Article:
But earlier this year, gun violence threatened to rise on the streets of Springfield before a crowd of more than 2,000 politicians, law enforcement officers, and supporters at the Springfield Lodge of Elks at 440 Tiffany Street.
Cocchi, who didn’t attend the picnic after testing positive for COVID, sees the annual event as an opportunity for people and elected officials to speak out about what’s going on in their neighborhoods and their daily lives.
“People want people to put their guns down,” said State Senator Adam Gomez, D-Springfield. “Crime is the number one issue. The number one problem is that it affects everyone.”
He said violence is no longer just what people see as a “bad neighborhood” issue.
“It’s even reaching out to another community that I represent, which is Chicopee,” he said.
State Representative Carlos Gonzalez, D-Springfield, was also at the cookout. He, too, hears increasing fears of violence and voter fear.
“They want more community policing,” Gonzalez said. “They want more police presence.”
Gonzalez recalled his time at City Hall as an assistant in the mayor’s office from 1996 to 2004 under Michael Albano. The municipal police then lowered the number of murders, he said.
But it needs resources and coordination, he said.
Any progress against violence — including anti-gang programs, job training, and the kind of drug treatment and mental health care that could have prevented the recent Berkshire Avenue shooting, as well as money and resources — can result from the political will that breeds within one to “event like a cookout,” said retired sheriff Michael Ashe.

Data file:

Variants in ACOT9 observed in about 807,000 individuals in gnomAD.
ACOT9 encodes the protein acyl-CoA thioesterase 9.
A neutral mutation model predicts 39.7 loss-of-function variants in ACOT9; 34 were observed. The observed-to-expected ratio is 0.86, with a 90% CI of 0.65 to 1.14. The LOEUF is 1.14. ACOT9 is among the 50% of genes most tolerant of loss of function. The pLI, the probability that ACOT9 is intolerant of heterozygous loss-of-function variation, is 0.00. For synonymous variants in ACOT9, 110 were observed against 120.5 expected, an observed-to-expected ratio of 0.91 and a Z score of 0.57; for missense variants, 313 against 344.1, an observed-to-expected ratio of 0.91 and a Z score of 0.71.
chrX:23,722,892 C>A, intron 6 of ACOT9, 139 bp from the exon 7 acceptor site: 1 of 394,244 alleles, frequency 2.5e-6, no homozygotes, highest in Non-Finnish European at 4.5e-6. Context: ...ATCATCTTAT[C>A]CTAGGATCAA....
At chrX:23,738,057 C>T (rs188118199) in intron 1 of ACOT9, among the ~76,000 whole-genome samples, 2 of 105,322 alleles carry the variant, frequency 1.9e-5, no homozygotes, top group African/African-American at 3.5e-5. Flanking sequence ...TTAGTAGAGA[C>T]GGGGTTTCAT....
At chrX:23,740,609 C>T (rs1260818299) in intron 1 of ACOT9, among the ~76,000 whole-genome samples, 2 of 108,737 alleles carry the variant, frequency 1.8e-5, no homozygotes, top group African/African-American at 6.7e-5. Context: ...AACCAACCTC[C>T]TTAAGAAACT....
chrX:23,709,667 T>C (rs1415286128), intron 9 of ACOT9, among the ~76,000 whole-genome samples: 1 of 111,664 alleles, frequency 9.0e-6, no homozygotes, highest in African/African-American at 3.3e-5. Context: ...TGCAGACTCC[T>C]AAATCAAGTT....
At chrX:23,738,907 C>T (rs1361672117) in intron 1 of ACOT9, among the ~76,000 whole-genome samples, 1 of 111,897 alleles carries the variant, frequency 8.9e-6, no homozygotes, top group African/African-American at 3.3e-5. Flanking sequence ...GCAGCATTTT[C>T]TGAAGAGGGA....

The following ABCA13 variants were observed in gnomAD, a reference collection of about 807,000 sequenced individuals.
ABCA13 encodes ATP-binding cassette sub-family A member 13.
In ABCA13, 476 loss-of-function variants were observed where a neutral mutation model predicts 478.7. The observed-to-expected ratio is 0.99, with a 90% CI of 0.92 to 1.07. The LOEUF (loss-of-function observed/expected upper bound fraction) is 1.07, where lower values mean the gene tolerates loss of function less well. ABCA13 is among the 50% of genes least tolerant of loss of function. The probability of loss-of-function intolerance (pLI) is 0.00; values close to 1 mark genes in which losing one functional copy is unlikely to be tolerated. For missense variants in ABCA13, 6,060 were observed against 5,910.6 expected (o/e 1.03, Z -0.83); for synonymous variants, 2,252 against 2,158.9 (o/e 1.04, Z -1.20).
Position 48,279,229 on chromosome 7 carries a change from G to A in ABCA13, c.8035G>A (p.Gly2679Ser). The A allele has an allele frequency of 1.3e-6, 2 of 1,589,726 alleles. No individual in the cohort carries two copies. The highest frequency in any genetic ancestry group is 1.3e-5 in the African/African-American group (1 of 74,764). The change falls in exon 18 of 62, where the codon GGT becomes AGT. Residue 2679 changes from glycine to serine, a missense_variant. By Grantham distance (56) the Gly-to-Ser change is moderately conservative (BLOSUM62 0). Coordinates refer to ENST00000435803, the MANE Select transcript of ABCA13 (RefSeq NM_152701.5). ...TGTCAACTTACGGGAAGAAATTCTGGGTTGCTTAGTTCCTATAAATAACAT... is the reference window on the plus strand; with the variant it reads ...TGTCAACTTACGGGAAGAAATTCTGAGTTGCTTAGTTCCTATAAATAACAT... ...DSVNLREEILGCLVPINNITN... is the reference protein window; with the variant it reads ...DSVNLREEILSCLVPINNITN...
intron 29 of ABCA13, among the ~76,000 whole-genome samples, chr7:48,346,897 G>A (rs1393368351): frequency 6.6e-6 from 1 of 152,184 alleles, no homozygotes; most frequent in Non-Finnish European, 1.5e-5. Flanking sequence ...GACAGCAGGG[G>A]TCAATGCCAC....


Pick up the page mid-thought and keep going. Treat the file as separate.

“Life is about relationships,” said Ashe, 83. “It’s a community.”
Ashe began the tradition of a summer political meeting in 1977, two years after taking office. Over the years, it became a significant date in the local political calendar, even attracting senior elected officials from Boston.
The year 1996 is famous for when then-US Senator John Kerry and then-Governor Bill Weld, facing each other in the Senate, climbed onto Ashe’s folding picnic tables for an impromptu debate.
“We need to let them know we’re in western Massachusetts,” Ashe said.
He commended Cocchi’s efforts, particularly the rehabilitation programs, and said the city and state were right to flood the School Street neighborhood with police following the violent incidents there. After two people were killed in the neighborhood on Wednesday, June 7, the Springfield Police Department, the Massachusetts State Police, and the Hampden County Sheriff’s Department searched the area and the Springfield Gardens Apartments. Within eight days, the police arrested 44 people, disbanded prostitution activities, and confiscated weapons and drugs.
“He’s tough,” Ashe said of the current sheriff. “You have to be. But there’s a big heart in there.”